Zillow is great at creating buzz, there’s no doubt about that, and their new “coming soon” feature is the latest. Others have written pretty extensively about this already, and I wrote about it indirectly over seven years ago (wow, how time flies).
Here’s my short take:
- Zillow is an advertising site;
- Brokers are competitors seeking to differentiate their offerings;
- MLS requires cooperation and critical mass;
- Advertising fosters competition more than cooperation;
- Without cooperation at critical mass, Zillow or any other advertising portal is not an MLS.
Without a doubt, Zillow could be an MLS and MLSs could cease to exist. Market forces to date, however, indicate that’s not likely.
If broker competitors were going to cooperate en masse with a portal, why hasn’t it happened yet with all the opportunities presented? Zillow long ago abandoned its mission to disintermediate brokers and agents as the market also made it clear that brokers and agents add value. Enough value, apparently, that Zillow and Trulia can be valued in the billions of dollars on the basis of revenue from brokers and agents. Those same market forces and competition will result in brokers doing their own thing, with the result being a lack of critical mass anywhere — except the MLS.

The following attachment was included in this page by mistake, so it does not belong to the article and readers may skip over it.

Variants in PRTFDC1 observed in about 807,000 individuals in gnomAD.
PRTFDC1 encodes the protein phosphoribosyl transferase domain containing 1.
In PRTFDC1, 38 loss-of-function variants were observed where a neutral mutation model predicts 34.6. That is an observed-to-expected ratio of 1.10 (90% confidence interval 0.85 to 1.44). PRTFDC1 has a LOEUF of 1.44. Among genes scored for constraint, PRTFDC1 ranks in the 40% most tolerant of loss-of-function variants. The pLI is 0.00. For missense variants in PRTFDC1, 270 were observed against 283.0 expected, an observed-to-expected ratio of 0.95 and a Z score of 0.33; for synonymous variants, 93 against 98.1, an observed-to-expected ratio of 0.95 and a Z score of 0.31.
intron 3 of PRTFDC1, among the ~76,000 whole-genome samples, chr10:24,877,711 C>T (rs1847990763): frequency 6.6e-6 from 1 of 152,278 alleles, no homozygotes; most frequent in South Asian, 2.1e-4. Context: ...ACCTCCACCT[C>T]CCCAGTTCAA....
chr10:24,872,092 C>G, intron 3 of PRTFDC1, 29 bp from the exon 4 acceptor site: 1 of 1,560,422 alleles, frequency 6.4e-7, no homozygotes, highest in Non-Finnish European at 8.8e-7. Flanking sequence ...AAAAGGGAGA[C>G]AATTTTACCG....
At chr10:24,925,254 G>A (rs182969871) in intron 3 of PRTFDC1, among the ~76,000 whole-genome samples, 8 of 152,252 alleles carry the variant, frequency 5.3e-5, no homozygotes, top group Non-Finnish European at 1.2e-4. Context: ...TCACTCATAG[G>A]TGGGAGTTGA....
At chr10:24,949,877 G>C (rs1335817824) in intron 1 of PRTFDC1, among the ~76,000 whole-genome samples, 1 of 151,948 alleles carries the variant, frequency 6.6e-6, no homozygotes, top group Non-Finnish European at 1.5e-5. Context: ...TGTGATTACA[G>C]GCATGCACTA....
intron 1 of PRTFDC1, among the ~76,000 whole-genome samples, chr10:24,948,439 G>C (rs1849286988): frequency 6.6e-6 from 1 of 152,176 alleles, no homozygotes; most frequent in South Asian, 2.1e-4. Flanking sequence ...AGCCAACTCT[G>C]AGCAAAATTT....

As I wrote seven years ago:
The representative decision-making process of the MLS is what allows for the broad cooperation necessary to create critical mass in terms of data sharing. Without this, I believe we’ll simply have a mishmash of data strewn here and there, with no possibility of a national repository or any other useful portal. The MLS embraces the duality of competition and cooperation, and strikes a limited balance that enables critical mass to be established. This feat should not be underestimated.
Everyone knows the data quality on the portals remains abysmal and I don’t see quality data coming soon or ever given the competitive nature of brokers.